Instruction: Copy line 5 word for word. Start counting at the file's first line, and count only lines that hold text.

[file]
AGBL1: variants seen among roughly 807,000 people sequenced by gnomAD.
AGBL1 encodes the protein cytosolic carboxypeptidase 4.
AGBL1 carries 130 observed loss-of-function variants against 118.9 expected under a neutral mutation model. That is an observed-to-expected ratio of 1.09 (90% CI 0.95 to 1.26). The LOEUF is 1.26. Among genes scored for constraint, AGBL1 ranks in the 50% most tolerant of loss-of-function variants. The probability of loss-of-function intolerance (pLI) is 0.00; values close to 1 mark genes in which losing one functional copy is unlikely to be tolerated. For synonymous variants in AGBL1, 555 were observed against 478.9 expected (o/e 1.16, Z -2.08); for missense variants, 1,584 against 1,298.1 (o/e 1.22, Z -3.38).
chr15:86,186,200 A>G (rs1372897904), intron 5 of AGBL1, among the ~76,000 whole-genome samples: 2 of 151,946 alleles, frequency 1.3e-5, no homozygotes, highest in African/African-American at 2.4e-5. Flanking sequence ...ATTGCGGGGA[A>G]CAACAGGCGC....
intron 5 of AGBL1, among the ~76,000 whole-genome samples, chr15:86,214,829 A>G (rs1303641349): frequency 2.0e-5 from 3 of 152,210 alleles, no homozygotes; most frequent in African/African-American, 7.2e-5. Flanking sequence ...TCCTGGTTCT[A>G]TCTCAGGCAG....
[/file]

intron 5 of AGBL1, among the ~76,000 whole-genome samples, chr15:86,214,829 A>G (rs1303641349): frequency 2.0e-5 from 3 of 152,210 alleles, no homozygotes; most frequent in African/African-American, 7.2e-5. Flanking sequence ...TCCTGGTTCT[A>G]TCTCAGGCAG....